How accessible is treatment in the area? What is the typical journey like for a patient to receive care?

There are few quality care centers in the region. Hospitals lack adequate resources and expertise to treat this condition.

What are the alternatives to this treatment?

In Kenya, surgery is the only treatment offered for thyroid cancer and hyperthyroidism. This is because radiotherapy and medication alternatives are not easily accessible in the county. Also, the cost of treating with radiotherapy and medication is higher than that of surgery.

Meet another patient you can support

100% of your donation funds life-changing surgery.

Khin

Khin is a 39-year-old woman who lives with her family in Hpa-An Township, Karen State, Burma. Both her children are in preschool. She and her husband are subsistence farmers, growing rice during the rainy season on rented land. The rest of the year, her husband collects leaves used to make roofs, works as a daily labourer or collects branches to sell. Khin was born with a scar the size of an ant bite on her upper lip. Her parents thought that it would disappear or heal on its own but the scar developed into a growth and increased in size. Her parents passed away when she was young and after that she went to live with her brother’s family. By the time she was around 20 years old, the growth had become large and soft, covering the area between her upper lips and her nose. When the pain became unbearable in 2005, her uncle dropped her off at Mae Tao Clinic (MTC) in Thailand, a free clinic close to where her uncle used to work. At this point, the growth had become so large that dragged her upper lip down and extended into her nostrils. At MTC, she was seen by doctors and medics, before she was diagnosed with a hemangioma. At this point, the growth had worsened, and she was bleeding from her lips. In April 2006, Khin went to Chiang Mai Hospital and had the hemangioma removed surgically. The growth later has returned. Overtime, the hemangioma has increased in size and become hard. It has now expanded into Khin’s nostrils, especially her left nostril, which causes her to have difficulty breathing at times. She feels uncomfortable but is not in pain. Sometimes she also feels like she has a blood clot in her nostrils during her nosebleeds. Because the nosebleed can start at any time and can last anywhere from 10 to 20 minutes, her life revolves around managing her nosebleeds. She is unable to work or sleep properly, and if she is about to have a nosebleed, she is unable to eat. The nosebleeds have also affected her ability to earn an income for her children and continues to impact her social life. “When I socialise, I do not feel comfortable and some people think I have a disease that I can infect them with,” said Khin. “So, I hope to get better after surgery, and I hope I will no longer have nosebleeds. I don’t want to bleed, and I want to socialise with my friends and family happily. [Right now] my friends won’t even touch me.”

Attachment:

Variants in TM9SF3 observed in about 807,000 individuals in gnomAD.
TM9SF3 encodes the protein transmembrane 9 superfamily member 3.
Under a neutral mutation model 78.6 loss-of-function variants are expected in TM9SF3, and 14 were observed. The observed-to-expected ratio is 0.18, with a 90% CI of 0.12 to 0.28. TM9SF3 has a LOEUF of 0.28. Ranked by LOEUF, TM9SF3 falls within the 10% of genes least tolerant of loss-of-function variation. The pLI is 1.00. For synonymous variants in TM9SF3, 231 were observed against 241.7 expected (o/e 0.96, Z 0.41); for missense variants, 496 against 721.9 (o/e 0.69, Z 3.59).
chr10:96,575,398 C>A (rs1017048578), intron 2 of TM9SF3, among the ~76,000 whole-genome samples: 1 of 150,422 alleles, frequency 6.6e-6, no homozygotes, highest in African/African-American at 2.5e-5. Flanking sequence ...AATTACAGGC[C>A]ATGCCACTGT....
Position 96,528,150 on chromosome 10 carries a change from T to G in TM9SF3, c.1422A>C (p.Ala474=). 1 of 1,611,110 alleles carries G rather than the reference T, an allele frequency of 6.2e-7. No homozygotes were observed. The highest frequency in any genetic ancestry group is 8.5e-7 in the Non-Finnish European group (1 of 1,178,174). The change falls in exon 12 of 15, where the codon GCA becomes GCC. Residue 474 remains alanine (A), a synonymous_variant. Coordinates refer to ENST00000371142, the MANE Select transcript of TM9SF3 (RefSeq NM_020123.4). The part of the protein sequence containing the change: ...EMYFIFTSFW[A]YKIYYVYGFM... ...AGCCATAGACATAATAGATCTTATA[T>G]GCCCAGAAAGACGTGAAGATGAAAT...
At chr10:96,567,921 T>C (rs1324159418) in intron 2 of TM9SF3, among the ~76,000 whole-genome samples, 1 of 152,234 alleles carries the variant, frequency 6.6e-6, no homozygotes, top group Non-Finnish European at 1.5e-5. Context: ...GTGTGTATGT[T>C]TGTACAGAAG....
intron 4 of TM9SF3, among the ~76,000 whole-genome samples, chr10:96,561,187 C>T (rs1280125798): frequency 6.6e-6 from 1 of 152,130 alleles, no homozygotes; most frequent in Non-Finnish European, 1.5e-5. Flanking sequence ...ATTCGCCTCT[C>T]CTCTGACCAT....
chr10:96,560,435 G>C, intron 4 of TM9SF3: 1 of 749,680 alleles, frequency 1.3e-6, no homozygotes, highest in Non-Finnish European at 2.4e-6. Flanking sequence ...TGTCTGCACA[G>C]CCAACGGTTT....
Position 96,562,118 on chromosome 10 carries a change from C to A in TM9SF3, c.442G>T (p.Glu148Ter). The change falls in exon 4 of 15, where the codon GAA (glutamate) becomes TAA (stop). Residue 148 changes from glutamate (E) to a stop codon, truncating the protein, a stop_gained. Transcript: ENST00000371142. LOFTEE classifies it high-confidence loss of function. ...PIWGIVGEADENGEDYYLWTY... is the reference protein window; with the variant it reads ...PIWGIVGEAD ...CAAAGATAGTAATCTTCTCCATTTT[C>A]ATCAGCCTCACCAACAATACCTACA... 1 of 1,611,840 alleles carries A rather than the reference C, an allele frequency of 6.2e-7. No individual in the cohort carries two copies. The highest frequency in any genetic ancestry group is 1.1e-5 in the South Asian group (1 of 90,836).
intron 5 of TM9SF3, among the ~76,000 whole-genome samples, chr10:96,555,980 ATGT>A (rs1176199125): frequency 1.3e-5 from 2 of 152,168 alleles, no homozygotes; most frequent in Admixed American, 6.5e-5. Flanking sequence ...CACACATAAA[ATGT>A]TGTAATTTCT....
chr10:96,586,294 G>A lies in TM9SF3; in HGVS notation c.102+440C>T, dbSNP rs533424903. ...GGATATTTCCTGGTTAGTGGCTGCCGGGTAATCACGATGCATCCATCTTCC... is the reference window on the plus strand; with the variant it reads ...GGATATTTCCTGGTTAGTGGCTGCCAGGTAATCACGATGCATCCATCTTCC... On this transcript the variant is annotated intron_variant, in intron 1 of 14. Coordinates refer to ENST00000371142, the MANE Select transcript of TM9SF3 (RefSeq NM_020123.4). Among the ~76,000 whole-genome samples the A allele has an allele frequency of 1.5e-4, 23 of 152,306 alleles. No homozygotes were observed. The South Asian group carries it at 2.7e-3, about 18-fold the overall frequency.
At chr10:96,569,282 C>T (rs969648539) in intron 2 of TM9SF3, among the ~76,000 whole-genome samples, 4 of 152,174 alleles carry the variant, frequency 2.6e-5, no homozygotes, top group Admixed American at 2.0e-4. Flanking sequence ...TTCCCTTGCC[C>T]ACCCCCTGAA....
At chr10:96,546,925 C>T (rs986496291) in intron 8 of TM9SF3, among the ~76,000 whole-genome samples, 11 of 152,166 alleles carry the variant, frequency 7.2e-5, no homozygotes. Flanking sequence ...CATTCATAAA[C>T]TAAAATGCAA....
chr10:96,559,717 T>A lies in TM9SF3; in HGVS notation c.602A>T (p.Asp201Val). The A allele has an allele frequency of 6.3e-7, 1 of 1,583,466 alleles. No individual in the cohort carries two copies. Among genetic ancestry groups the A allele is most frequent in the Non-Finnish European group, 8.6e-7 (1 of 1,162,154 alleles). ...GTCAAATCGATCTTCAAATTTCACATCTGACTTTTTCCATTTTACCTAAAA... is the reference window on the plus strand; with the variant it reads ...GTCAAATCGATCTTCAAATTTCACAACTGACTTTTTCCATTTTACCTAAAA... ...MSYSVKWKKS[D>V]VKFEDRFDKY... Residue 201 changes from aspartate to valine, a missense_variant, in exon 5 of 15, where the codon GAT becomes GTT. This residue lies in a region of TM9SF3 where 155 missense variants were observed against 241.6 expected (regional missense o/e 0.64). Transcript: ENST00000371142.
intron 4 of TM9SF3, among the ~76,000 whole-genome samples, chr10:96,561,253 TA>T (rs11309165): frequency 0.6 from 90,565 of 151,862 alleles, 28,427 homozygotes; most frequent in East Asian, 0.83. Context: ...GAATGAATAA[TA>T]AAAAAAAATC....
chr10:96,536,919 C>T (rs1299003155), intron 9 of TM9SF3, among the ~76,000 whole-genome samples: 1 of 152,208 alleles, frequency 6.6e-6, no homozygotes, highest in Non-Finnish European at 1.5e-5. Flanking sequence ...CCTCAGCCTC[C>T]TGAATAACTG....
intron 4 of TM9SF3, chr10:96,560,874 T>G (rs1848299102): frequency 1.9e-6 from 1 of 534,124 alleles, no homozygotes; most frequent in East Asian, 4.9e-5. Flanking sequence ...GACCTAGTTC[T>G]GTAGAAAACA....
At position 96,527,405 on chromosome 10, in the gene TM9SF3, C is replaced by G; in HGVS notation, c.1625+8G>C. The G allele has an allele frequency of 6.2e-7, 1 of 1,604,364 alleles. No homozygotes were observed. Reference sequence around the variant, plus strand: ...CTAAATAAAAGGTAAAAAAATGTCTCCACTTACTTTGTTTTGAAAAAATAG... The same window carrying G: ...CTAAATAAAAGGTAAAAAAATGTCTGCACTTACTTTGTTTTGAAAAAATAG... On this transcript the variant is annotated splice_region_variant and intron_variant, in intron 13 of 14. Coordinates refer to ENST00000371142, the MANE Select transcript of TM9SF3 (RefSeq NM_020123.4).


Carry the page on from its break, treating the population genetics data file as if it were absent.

89% funded

89%funded
$1,342raised
$158to go

Meet another patient you can support

100% of your donation funds life-changing surgery.